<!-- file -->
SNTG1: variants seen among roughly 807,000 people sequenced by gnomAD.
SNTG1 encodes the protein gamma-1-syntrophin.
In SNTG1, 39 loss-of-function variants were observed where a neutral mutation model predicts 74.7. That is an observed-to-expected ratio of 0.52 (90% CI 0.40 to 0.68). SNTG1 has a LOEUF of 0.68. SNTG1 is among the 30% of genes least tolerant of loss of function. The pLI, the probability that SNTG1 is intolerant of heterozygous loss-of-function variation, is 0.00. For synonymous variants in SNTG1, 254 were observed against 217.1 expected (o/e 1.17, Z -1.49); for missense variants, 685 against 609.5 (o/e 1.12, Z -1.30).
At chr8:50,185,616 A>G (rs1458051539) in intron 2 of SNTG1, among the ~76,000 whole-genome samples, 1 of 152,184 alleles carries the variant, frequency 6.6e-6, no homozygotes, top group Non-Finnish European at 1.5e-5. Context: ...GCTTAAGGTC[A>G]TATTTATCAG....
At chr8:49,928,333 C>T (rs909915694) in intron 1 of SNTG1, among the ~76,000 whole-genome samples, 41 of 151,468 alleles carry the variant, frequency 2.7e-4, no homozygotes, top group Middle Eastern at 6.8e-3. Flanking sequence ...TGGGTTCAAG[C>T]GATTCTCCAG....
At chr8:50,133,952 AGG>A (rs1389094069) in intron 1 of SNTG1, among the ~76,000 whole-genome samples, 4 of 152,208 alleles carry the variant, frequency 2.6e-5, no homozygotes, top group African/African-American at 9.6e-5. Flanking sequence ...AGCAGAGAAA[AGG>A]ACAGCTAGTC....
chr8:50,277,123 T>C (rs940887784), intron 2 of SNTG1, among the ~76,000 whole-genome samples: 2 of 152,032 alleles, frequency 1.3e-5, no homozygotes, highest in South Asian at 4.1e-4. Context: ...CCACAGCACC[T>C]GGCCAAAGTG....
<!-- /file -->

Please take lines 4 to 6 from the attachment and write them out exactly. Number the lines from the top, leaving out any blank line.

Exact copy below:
At chr8:50,185,616 A>G (rs1458051539) in intron 2 of SNTG1, among the ~76,000 whole-genome samples, 1 of 152,184 alleles carries the variant, frequency 6.6e-6, no homozygotes, top group Non-Finnish European at 1.5e-5. Context: ...GCTTAAGGTC[A>G]TATTTATCAG....
At chr8:49,928,333 C>T (rs909915694) in intron 1 of SNTG1, among the ~76,000 whole-genome samples, 41 of 151,468 alleles carry the variant, frequency 2.7e-4, no homozygotes, top group Middle Eastern at 6.8e-3. Flanking sequence ...TGGGTTCAAG[C>T]GATTCTCCAG....
At chr8:50,133,952 AGG>A (rs1389094069) in intron 1 of SNTG1, among the ~76,000 whole-genome samples, 4 of 152,208 alleles carry the variant, frequency 2.6e-5, no homozygotes, top group African/African-American at 9.6e-5. Flanking sequence ...AGCAGAGAAA[AGG>A]ACAGCTAGTC....